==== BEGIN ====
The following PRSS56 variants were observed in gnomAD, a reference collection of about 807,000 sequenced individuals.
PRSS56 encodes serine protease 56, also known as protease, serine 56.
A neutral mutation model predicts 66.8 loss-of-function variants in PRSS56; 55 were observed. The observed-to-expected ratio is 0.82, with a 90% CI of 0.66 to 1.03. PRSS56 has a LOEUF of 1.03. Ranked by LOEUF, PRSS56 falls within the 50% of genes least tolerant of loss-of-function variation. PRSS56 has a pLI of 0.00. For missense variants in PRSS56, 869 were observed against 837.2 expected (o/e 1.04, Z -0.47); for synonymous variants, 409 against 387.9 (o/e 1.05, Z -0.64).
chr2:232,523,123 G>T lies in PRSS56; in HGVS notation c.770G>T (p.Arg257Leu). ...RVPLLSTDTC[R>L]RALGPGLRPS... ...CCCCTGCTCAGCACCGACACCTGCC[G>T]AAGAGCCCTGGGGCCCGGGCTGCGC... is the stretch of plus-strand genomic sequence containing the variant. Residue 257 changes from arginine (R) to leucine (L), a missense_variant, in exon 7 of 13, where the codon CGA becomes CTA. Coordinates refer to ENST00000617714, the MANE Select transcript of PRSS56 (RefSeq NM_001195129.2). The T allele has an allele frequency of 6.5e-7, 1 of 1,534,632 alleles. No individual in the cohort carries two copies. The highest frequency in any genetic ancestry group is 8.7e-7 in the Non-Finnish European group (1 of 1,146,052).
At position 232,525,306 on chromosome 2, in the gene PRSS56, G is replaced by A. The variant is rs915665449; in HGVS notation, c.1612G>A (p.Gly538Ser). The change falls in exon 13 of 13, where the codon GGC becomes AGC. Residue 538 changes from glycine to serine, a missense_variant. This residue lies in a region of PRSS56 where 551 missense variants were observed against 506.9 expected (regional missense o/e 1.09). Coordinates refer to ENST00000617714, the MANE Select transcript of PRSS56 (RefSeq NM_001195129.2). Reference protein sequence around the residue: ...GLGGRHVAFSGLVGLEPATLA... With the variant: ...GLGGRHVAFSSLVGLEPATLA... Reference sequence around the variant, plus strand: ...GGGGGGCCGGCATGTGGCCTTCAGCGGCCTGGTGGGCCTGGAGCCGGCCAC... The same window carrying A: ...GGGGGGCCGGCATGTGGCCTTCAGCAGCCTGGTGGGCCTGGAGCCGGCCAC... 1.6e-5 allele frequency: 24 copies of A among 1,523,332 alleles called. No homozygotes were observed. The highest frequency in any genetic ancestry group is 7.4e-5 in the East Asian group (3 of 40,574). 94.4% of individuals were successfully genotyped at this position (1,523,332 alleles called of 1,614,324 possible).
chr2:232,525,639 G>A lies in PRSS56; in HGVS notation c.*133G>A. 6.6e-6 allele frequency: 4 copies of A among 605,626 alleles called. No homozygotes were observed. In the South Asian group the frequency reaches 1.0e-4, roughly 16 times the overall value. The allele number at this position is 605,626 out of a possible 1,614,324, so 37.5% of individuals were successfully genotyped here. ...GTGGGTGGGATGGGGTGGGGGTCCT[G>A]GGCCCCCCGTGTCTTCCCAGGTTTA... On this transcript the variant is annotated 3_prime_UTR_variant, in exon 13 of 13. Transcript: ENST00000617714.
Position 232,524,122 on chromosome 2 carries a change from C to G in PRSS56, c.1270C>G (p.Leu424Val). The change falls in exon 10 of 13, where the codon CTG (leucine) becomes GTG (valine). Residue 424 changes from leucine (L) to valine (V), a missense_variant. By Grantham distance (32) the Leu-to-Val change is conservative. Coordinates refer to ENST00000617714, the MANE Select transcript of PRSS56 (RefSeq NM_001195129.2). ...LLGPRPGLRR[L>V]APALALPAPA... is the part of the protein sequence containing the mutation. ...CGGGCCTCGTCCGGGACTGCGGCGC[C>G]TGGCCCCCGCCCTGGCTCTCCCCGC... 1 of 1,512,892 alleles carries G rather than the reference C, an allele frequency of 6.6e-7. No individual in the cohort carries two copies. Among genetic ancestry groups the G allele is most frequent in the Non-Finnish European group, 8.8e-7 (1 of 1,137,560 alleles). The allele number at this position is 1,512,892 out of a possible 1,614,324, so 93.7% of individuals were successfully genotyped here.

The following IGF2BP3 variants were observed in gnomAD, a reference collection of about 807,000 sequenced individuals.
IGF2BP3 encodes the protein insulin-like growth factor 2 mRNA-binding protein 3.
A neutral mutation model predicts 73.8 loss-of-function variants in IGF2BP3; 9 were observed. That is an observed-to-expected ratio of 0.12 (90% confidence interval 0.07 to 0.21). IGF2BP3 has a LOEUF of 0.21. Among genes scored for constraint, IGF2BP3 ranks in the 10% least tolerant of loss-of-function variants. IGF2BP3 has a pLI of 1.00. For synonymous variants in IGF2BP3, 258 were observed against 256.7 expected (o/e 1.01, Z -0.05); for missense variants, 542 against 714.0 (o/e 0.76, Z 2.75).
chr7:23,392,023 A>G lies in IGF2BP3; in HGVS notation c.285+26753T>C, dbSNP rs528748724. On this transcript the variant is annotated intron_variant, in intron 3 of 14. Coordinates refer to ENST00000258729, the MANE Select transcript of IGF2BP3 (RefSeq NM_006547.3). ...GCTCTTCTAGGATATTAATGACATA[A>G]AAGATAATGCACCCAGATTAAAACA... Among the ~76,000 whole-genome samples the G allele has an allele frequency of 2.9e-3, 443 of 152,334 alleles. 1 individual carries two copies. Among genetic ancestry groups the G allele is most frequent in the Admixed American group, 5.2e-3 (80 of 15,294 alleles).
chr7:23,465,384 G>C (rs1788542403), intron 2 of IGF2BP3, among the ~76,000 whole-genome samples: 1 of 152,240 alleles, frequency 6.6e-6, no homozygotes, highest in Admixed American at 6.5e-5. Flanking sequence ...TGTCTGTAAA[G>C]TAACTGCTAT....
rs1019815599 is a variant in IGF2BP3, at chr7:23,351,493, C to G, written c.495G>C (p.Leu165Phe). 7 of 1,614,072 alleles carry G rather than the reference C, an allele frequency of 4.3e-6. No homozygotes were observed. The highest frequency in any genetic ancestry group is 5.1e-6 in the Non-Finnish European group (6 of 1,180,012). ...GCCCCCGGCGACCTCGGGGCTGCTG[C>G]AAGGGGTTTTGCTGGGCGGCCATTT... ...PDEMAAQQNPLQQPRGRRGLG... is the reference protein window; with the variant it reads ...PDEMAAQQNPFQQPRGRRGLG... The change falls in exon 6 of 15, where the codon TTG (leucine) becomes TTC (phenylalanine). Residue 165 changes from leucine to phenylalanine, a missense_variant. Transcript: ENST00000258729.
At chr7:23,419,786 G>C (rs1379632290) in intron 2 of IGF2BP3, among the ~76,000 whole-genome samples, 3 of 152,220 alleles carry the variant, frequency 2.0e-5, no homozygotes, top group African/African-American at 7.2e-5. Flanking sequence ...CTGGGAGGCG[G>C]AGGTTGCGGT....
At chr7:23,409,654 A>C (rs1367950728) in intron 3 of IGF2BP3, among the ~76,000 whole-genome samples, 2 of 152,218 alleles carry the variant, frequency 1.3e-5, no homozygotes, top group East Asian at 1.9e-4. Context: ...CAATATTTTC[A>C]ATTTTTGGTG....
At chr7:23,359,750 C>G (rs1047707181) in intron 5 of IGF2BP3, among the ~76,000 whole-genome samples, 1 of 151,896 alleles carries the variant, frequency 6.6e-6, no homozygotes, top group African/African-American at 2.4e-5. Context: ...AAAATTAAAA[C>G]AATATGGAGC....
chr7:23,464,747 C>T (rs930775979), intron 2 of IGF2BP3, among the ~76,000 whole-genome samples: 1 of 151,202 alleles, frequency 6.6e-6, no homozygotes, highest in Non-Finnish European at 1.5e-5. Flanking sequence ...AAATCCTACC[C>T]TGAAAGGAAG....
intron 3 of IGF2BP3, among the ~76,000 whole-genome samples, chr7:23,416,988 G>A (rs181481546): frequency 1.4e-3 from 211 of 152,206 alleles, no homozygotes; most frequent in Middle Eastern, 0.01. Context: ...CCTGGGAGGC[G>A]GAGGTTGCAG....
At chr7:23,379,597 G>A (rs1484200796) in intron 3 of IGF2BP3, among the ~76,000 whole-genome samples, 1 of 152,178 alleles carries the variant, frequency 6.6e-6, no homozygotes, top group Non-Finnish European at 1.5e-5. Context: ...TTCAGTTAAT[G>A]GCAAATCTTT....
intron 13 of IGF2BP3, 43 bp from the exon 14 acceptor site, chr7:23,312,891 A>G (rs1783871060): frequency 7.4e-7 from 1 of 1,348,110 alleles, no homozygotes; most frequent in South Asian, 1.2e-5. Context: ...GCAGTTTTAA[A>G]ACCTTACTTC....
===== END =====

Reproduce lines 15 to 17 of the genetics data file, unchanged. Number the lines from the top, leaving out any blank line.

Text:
At chr7:23,409,654 A>C (rs1367950728) in intron 3 of IGF2BP3, among the ~76,000 whole-genome samples, 2 of 152,218 alleles carry the variant, frequency 1.3e-5, no homozygotes, top group East Asian at 1.9e-4. Context: ...CAATATTTTC[A>C]ATTTTTGGTG....
At chr7:23,359,750 C>G (rs1047707181) in intron 5 of IGF2BP3, among the ~76,000 whole-genome samples, 1 of 151,896 alleles carries the variant, frequency 6.6e-6, no homozygotes, top group African/African-American at 2.4e-5. Context: ...AAAATTAAAA[C>G]AATATGGAGC....
chr7:23,464,747 C>T (rs930775979), intron 2 of IGF2BP3, among the ~76,000 whole-genome samples: 1 of 151,202 alleles, frequency 6.6e-6, no homozygotes, highest in Non-Finnish European at 1.5e-5. Flanking sequence ...AAATCCTACC[C>T]TGAAAGGAAG....